Happily Ever After
happiness in a consumer driven world
Happily Ever After
And they lived happily ever after....
That’s a lie.
we just keep trying till we die
just wish until we were
It’s there, underlying much of Western literature and media. Good people are rewarded. Good people usually make it to the end of the horror movie. Good people go to heaven. Literature and movies are not always doctrinally sound. Good people are happy. It’s possible to want to be good more than we want to be happy. Media tells us what happiness is, creates an expectation that if we are good we will be rewarded, however what is offered as a reward is not actually a real possibility. We’re offered a unicorn and then we don’t want the much more useful goat.
There are many things that human beings fear. Few of them cast a longer shadow than death with a side of damnation. It’s there in our subconscious, a stew of Sunday School, after school specials, and an array that will never forget our own failures. This leaves many people vulnerable to promises. Advertising loves making promises.
Promises are cheap. Resources to fulfill them are not. The list of things that we need to feel those positive feelings is much longer than anyone would like to read and it grows longer all the time. The number one token of value that is desired above most other things is currency, dollars, coins, and plastic. American society, in particular, pays a great deal of respect to property rights (Ely, 2019). John Locke, Adam Smith, and Thomas Hobbs wrote interesting ideas, a little daring and maybe a little blasphemous. What they weren’t is psychologists or anthropologists.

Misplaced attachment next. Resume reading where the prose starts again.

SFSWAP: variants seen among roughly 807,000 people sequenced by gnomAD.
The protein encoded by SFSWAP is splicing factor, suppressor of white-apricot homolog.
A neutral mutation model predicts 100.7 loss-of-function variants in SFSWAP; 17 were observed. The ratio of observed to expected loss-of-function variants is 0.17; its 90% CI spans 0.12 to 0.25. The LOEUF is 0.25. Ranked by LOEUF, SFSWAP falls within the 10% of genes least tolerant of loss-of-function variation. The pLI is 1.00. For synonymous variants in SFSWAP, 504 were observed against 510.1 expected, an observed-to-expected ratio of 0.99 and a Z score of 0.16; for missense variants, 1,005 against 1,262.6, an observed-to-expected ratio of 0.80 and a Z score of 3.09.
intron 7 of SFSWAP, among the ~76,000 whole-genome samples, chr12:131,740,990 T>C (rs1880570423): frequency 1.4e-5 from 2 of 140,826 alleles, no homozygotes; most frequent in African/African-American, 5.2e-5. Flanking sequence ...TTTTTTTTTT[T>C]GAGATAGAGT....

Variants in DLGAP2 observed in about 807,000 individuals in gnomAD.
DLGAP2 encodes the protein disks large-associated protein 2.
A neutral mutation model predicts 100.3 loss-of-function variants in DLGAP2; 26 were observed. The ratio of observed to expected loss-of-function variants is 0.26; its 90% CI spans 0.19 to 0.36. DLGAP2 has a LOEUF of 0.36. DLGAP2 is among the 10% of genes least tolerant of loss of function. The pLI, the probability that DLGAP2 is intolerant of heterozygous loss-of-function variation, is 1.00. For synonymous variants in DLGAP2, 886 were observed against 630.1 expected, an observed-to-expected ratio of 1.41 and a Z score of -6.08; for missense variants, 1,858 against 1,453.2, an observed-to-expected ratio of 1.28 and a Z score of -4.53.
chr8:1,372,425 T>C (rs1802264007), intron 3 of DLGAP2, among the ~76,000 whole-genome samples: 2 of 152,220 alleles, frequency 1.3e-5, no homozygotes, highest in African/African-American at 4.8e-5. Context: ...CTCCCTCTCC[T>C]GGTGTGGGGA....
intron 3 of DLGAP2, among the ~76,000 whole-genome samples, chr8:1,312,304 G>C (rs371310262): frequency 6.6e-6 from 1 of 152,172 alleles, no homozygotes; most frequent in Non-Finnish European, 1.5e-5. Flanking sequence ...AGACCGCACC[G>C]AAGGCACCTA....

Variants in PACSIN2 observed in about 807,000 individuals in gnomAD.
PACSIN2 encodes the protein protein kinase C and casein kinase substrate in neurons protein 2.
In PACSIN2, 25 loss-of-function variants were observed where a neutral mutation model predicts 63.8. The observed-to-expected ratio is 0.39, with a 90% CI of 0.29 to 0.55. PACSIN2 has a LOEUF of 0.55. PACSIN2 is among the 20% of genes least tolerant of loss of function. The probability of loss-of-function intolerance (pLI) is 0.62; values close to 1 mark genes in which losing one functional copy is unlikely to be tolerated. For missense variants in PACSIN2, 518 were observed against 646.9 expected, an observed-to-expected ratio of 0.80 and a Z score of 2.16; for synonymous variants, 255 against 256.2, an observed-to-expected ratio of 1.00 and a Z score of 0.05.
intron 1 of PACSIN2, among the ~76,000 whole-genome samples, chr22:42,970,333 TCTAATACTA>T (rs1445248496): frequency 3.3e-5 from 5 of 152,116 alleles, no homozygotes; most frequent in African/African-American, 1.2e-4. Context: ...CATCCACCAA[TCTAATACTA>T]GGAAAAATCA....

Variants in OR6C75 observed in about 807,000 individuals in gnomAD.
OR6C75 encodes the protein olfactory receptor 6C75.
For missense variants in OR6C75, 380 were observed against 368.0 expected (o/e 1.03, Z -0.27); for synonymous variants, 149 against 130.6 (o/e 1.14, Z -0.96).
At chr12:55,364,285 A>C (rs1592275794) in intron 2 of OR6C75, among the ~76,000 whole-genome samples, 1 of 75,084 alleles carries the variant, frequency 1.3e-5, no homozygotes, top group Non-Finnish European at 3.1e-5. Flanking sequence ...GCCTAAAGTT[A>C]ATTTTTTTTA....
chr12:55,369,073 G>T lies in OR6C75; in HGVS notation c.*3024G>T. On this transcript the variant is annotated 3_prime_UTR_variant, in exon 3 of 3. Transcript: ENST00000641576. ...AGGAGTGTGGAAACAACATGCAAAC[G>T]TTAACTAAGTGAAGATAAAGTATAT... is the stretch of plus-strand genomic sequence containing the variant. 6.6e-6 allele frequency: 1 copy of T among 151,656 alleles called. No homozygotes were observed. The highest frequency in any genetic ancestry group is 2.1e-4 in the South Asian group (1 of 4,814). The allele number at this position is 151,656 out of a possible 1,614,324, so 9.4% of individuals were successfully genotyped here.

The pursuit of money and things doesn’t lead to happily ever after. In Rumpelstiltskin, a lie leads to promises that can’t be kept, straw to gold, with only a miracle wish left to protect the protagonist from the most dire of consequences. It’s that same kind of bargain that some of us have made with modern consumer culture, but knowing the name won’t help us.
So if that’s the problem, how easy is that to solve? Many people try to guess the name of the guy who spins straw to gold. The problem is clearly selfies. The problem might be teenagers tying up the landlines, curling the cord around their fingers. Oh and one time the problem was definitely the reading of novels. It was scandalous, really. Casting blame is another form of straw to gold.
What is happiness if it isn’t the constant chase of treasure? If turning straw to gold isn’t happily ever after, and it isn’t because we will always encounter rooms with larger piles of straw, what is? The swirling stew of our subconscious mind isn’t very logical. It’s not a reasonable place. In the terribly thin and convoluted neocortex lives the storyteller module of our mind. We can choose.
What to choose though? Slick advertisements, people holding offering plates, and clamoring social media all want to offer us and an answer. The straw is for us. The gold is for them. We’re not so terribly different from some of our cousins and we can learn from them.
A dog is happy if they know where the boundaries are, are confident that food will arrive on time, if they can make their human smile and scratch their belly. A dog is happy with a nice long nap in front of the fire. Maslow gave us the ideas in his hierarchy of needs (Mcleod, 2020)as an aid to understanding human and by extension mammalian needs. It stands to reason that hungry dogs are not happy dogs.